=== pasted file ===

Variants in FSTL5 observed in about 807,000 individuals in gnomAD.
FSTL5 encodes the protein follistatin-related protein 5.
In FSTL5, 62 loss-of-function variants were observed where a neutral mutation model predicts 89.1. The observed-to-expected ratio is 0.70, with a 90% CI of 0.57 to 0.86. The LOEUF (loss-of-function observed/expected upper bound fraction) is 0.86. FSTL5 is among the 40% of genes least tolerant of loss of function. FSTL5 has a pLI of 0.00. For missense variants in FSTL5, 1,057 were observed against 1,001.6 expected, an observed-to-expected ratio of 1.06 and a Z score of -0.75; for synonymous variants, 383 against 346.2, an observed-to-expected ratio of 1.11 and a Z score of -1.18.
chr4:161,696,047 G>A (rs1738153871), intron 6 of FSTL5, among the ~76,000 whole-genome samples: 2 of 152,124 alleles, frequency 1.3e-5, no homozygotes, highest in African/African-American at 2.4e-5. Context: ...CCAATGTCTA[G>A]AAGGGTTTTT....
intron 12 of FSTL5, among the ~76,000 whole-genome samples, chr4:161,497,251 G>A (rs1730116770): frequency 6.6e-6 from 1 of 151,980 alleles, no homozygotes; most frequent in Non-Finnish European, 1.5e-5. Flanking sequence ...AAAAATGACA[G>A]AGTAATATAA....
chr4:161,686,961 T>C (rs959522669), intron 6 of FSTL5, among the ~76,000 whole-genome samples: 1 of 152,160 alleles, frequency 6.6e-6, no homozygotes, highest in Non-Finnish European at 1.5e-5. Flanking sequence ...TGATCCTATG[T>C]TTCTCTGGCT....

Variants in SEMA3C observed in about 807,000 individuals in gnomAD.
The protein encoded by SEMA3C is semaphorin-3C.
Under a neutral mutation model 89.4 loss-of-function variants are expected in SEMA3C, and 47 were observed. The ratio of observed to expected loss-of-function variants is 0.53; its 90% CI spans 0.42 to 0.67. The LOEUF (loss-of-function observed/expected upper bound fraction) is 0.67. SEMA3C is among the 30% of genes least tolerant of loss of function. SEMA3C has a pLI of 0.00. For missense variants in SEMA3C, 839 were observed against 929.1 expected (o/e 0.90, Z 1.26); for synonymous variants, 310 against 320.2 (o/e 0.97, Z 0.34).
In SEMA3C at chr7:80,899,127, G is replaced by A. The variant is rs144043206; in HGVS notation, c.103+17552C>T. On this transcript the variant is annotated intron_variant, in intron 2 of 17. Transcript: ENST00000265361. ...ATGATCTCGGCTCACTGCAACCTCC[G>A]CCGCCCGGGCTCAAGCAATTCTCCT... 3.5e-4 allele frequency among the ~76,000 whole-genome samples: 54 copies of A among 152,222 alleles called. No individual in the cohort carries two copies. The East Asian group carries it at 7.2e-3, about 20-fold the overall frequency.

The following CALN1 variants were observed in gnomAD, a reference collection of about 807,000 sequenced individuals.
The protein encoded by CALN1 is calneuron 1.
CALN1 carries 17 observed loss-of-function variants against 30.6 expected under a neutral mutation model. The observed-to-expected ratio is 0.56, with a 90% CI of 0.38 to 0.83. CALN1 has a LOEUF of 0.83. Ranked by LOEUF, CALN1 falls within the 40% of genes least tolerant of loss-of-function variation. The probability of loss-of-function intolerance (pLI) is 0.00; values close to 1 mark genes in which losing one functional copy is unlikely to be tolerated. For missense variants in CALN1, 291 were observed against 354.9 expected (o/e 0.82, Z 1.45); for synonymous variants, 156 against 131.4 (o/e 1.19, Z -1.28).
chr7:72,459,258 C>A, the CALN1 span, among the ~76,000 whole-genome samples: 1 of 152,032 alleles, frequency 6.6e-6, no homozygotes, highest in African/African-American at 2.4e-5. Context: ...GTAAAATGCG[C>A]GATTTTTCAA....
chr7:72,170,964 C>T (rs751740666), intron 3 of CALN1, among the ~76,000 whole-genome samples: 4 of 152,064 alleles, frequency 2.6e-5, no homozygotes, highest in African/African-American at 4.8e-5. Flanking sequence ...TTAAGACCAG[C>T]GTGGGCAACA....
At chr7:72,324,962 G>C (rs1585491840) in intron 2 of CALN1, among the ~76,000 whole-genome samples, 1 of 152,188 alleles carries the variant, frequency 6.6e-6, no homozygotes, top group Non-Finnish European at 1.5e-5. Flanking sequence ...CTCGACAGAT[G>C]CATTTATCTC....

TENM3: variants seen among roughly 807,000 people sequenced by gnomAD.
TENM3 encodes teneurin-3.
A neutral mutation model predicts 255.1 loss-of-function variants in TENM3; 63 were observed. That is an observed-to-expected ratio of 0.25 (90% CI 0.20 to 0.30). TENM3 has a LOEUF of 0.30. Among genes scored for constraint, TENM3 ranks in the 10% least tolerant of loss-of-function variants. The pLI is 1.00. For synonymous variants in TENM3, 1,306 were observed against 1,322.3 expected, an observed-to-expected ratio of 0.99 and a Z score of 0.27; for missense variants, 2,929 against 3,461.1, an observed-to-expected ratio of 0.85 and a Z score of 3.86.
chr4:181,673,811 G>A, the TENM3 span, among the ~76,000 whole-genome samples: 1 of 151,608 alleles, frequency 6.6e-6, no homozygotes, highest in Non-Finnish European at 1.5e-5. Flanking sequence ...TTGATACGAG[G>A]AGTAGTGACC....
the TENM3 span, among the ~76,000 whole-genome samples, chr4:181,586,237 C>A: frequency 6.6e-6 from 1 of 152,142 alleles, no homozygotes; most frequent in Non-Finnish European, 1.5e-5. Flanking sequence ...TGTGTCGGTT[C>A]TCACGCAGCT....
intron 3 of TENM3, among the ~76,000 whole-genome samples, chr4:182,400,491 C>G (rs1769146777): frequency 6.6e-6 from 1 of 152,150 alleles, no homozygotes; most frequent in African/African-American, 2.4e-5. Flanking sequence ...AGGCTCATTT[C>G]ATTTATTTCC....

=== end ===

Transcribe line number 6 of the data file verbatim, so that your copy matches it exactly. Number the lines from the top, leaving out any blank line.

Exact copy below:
chr4:161,686,961 T>C (rs959522669), intron 6 of FSTL5, among the ~76,000 whole-genome samples: 1 of 152,160 alleles, frequency 6.6e-6, no homozygotes, highest in Non-Finnish European at 1.5e-5. Flanking sequence ...TGATCCTATG[T>C]TTCTCTGGCT....